Improving public health messaging: what we have learnt from recent engagement work

At the moment, awareness of public health messaging is particularly important. A key part of our role at Healthwatch Central West London is raising awareness of Government and NHS public health messaging and working to ensure these messages are available to everybody.

 

A government advert telling people to stay at home from earlier this year. “Coronavirus Advert, Bristol, UK” by KSAG Photography is licensed under CC BY-NC-SA 2.0

When the pandemic took hold earlier this year, we began running focus group and interview sessions with local organisations in Westminster and Kensington & Chelsea. We wanted to reach people who are under-represented in conversations about health and social care and ensure their voices are heard during this challenging period. One thing we wanted to know was how well public health messages were being communicated. We wanted to find out what different communities needed in order to be aware of Government and NHS messages.

 

As part of this work, in July we awarded the French African Welfare Association (FAWA) a grant, through our Small Grants programme, to carry out a series of interviews with local people from French-speaking African communities in west London.

 

Over the course of our interviews, participants told us of the stigma attached to COVID-19 in their communities. Some interviewees told us that they had experienced stigma themselves after contracting the disease. Others told us that they had experienced familial stigma after a relative died of COVID-19.

 

“Some interviewees told us that they had experienced stigma themselves after contracting the disease. Others told us that they had experienced familial stigma after a relative died of COVID-19.”

 

The stigma attached to COVID-19 has important implications for the communication of public health messaging. One interviewee told us that people they knew were reluctant to engage with the Track and Trace system as a result. Another interviewee expressed wariness of the testing system after being in hospital with COVID-19 for three weeks.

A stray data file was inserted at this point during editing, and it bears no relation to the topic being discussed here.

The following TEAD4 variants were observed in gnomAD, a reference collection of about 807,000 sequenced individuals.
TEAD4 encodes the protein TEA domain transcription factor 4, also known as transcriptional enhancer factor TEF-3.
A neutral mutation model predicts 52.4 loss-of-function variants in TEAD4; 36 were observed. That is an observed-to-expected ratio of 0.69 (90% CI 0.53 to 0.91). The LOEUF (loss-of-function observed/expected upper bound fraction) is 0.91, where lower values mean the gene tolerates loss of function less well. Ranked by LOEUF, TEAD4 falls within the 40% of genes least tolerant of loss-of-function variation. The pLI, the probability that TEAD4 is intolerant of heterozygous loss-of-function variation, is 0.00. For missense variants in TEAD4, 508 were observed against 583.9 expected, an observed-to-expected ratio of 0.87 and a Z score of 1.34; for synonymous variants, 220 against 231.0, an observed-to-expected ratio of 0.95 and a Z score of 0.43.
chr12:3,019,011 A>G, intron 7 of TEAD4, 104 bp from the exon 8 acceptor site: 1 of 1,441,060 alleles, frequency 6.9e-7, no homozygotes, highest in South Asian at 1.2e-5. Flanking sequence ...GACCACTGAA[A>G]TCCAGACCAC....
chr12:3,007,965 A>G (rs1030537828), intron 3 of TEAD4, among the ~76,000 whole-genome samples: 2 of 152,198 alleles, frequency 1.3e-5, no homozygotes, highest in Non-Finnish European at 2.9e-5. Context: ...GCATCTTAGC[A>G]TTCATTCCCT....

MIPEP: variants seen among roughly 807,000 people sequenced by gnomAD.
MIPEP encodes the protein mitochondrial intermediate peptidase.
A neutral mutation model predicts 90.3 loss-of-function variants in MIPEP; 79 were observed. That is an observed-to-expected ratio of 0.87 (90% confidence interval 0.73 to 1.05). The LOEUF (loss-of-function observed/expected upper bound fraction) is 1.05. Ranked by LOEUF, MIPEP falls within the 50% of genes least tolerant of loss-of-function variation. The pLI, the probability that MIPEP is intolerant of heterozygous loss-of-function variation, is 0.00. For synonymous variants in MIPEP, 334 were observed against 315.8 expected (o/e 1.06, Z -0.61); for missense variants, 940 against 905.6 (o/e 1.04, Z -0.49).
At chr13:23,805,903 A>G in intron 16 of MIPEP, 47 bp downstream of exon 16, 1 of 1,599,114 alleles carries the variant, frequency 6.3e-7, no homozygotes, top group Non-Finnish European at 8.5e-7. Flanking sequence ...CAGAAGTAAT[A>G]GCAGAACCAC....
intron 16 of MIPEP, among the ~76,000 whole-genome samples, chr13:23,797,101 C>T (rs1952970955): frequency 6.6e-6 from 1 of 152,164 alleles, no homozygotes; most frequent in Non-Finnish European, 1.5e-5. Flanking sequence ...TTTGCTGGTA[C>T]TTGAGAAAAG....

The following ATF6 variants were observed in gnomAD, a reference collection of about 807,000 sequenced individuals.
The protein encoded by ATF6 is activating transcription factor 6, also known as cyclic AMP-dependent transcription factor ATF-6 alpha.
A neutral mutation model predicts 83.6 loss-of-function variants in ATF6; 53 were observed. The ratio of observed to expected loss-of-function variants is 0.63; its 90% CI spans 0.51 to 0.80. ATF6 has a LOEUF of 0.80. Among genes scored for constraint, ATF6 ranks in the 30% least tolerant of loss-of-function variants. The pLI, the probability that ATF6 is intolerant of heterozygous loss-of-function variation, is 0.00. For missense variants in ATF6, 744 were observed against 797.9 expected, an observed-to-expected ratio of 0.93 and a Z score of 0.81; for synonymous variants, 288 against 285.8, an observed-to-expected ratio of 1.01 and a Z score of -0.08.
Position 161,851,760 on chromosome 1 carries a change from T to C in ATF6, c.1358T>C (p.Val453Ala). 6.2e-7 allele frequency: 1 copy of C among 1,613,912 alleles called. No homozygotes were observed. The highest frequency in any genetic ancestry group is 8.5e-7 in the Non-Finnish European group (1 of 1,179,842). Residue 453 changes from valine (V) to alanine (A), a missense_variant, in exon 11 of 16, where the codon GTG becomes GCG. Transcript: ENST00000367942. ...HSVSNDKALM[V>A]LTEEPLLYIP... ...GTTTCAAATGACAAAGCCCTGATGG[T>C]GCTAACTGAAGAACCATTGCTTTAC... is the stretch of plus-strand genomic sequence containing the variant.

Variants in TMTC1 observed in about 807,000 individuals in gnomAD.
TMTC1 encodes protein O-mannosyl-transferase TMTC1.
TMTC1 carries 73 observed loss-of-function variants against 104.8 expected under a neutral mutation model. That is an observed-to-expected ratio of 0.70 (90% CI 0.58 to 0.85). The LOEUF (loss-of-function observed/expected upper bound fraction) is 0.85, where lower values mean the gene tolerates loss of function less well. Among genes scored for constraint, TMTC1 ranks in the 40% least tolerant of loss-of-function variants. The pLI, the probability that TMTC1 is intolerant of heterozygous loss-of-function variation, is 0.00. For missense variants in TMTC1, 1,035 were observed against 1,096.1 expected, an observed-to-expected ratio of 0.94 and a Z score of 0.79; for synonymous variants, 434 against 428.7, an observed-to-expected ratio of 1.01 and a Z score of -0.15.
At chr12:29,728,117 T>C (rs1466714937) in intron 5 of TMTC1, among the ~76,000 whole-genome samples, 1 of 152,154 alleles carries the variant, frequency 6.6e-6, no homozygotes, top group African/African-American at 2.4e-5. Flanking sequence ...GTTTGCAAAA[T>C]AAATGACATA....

It seems that the stigma attached to COVID-19 has caused people to disengage with official COVID-19 related measures and messages. This may present a barrier to the effective distribution of important Government and NHS public health messages within some communities. Local Public Health needs to work with communities to find a way to share national Government guidance and advice with local people. 

 

Through our interviews with FAWA we heard that people shared alternative information privately, often via messaging apps like WhatsApp. This information often directly contradicted official public health messaging from the Government and the NHS.

 

“A number of interviewees told us that they regularly drink a mixture of ginger, garlic, limes and honey after being advised that this would protect them against COVID-19 by contacts on WhatsApp.”

 

Interviewees told us of alternative treatments and measures they took after being advised by friends or relatives. A number of interviewees, for instance, told us that they regularly drink a mixture of ginger, garlic, limes and honey after being advised that this would protect them against COVID-19 by contacts on WhatsApp. Current Government and NHS advice is that such home remedies have no impact in preventing us from contracting COVID-19.

 

We remain in a period in which the effective communication of public health messages is vitally important.

 

Our engagement work with FAWA has shown that there are still vital improvements that need to take place to ensure that important Government and NHS public health messages are trusted and available for everyone.

 

Public health messages need to be adapted and targeted. A blanket, universal approach to public health messaging is inadequate and may not reach some communities. Messages need to be clear and concise, understandable and translated into the many languages spoken by communities across the country. Our engagement work suggests that some communities have a lack of trust in public health messaging. Local Public Health and the Clinical Commissioning Groups must work with local communities and us at Healthwatch Central West London to make sure information and guidance is available to everyone.

 

We remain in a period in which the effective communication of public health messages is very important. As a local Healthwatch, we will continue to work to raise awareness of these messages, engage with local community groups and people, and feedback what we have learnt from our work to influence health and social care communication and provision across Westminster and Kensington & Chelsea.

 

We would like to say a massive thank you to FAWA and to everyone who participated in the interviews for sharing their experiences.

 

Would you like to know more about the current public health advice for Westminster and Kensington & Chelsea? Read our COVID-19 information guidance here.

 

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